Deciphering US nonchalance in the G20 Summit

Deciphering US nonchalance in the G20 Summit

The Guardian ran the headline “G19”. Numerous reputable and well established papers across the world, international and domestic, swiftly followed the cue. The Independent, The New York Times, The Washington Post, The Wall Street Journal and nearly every reputable news resource took a similar rhetoric. In the preceding presidencies, such a public relations disaster would have caused an uproar of great magnitude in the White House but this is not a normal presidency. This is Donald John Trump’s era, where he has single handedly managed to call into question the integrity of every single main stream media source take for example the CNN and MSNBC.

Despite the barrage of press, both prior and subsequent to his trip to Hamburg, Donald Trump carried out the agenda he might have had from the onset of his trip to the G20 Summit. It has been dubbed “G19” because despite some rather memorable moments such as Trump’s enthusiastic exchange with his Russian counterpart Vladimir Putin, there was a run in of awkward proportions with Angela Merkel followed by unprecedented protests organized by leftist organizations with a specific anti-Trump motive.

Unlike his previous foreign visit centering around the Middle East and European allies, hoping he would mend broken bridges, this time Trump looked more emphatic in what he expected from these allies. What he wanted was to put on display for the world to see where the US would gravitate under his leadership, and he should get full marks for expounding it vivaciously. When a clip of him being ignored by the Polish first lady went viral, the Polish president quickly tweeted, “Let’s FIGHT FAKE NEWS” while also reiterating how it is part of the Polish custom for the wives to greet each other first than the males. In a clear show of empathy, Trump retweeted with his own caption, “We’ll fight with you”. Another such instance occurred when Trump and Putin sat down for their first one on one since the November elections. When the journalists were brought in, Putin quipped by asking “Are these the ones bothering you” signaling towards the American journalists, to which Trump rather compassionately replied, “Yes, they’re the ones”. The meeting went on with the two global political titans exchanging smiles, having frequent hand over mouth chit chats and topping it off with a vicarious handshake.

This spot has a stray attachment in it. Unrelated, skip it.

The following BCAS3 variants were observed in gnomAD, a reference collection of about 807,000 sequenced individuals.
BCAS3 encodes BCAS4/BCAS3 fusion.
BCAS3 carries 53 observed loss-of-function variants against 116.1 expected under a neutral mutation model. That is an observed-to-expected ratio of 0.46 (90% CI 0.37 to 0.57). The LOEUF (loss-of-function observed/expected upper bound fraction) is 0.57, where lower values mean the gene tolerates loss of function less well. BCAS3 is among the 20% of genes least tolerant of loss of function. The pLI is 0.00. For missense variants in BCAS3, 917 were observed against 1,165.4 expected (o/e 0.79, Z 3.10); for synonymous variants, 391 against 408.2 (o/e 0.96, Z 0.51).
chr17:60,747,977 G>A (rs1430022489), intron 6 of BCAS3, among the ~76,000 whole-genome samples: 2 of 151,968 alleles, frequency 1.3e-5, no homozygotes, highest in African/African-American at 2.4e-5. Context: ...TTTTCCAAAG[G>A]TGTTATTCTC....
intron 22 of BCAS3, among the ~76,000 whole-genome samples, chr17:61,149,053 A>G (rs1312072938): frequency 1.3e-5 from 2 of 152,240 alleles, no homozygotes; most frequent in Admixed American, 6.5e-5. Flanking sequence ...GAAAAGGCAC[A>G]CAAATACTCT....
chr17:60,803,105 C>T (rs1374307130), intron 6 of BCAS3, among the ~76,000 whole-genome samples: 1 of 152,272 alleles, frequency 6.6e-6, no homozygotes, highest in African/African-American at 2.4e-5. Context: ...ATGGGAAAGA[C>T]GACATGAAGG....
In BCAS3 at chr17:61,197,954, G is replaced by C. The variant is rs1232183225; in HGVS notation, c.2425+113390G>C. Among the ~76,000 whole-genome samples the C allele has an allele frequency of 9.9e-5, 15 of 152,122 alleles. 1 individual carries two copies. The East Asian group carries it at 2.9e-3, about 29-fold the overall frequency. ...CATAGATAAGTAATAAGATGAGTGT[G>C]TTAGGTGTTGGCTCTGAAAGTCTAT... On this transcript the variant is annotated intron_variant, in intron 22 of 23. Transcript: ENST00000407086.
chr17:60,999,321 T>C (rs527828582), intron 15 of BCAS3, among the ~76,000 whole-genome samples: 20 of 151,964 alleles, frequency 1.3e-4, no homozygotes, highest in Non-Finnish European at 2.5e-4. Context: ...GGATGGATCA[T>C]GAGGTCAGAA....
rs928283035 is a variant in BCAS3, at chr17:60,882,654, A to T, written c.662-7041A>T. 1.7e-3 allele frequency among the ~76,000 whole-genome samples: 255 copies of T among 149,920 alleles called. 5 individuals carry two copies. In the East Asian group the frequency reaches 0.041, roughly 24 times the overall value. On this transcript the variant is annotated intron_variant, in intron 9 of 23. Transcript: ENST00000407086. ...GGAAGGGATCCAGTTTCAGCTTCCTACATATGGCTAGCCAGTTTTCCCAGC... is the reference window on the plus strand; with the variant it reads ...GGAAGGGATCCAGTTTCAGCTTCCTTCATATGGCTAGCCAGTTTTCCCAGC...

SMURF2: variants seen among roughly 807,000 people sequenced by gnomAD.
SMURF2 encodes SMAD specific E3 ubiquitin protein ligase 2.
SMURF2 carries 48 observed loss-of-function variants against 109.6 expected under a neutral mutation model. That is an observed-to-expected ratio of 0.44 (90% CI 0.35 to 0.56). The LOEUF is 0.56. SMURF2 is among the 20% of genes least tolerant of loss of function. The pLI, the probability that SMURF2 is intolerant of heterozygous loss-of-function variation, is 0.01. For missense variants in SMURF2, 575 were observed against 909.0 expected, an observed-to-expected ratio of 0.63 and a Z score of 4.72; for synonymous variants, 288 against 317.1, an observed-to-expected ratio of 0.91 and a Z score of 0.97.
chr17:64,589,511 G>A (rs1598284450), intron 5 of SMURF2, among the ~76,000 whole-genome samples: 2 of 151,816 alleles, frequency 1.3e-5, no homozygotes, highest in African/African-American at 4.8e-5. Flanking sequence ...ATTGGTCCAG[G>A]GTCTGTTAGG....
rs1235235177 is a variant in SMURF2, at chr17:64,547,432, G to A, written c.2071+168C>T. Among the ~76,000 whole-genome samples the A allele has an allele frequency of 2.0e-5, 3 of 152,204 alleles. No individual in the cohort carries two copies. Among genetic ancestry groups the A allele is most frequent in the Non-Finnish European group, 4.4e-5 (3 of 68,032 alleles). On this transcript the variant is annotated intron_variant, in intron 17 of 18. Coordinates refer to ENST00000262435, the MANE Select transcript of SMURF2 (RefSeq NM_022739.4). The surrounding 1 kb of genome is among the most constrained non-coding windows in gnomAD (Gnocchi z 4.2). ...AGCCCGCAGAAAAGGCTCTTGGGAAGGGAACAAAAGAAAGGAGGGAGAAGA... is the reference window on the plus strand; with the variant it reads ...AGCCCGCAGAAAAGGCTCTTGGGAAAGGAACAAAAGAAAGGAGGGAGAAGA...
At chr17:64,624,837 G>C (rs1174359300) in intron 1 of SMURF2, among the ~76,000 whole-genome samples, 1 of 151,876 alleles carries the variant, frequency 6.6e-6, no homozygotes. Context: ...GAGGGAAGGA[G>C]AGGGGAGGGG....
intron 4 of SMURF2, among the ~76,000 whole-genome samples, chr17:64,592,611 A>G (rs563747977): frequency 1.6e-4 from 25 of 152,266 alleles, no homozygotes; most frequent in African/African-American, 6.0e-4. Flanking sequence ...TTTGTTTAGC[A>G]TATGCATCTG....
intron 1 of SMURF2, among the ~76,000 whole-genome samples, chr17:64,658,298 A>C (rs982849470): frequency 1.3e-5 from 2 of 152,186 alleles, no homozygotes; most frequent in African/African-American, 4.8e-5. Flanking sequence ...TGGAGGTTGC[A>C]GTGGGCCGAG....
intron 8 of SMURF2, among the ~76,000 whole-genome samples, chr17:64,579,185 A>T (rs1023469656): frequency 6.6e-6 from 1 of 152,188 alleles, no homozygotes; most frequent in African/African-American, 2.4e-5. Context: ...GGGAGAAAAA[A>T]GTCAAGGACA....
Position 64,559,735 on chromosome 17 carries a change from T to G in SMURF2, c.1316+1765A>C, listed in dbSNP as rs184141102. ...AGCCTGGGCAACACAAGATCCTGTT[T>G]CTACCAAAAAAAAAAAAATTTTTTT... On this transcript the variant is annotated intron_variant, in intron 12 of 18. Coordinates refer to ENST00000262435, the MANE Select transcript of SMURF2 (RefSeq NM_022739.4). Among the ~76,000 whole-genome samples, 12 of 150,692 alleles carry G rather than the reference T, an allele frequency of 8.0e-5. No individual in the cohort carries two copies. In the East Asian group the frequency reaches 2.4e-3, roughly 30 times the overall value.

Trump has demonstrated time and again that he is more comfortable dealing with leaders hailing from traditionally authoritarian and nationalist backgrounds such as Saudi Arabia, China, Poland and of course Russia, than he is with the Eurocentric Angela Merkel and Emmanuel Macron.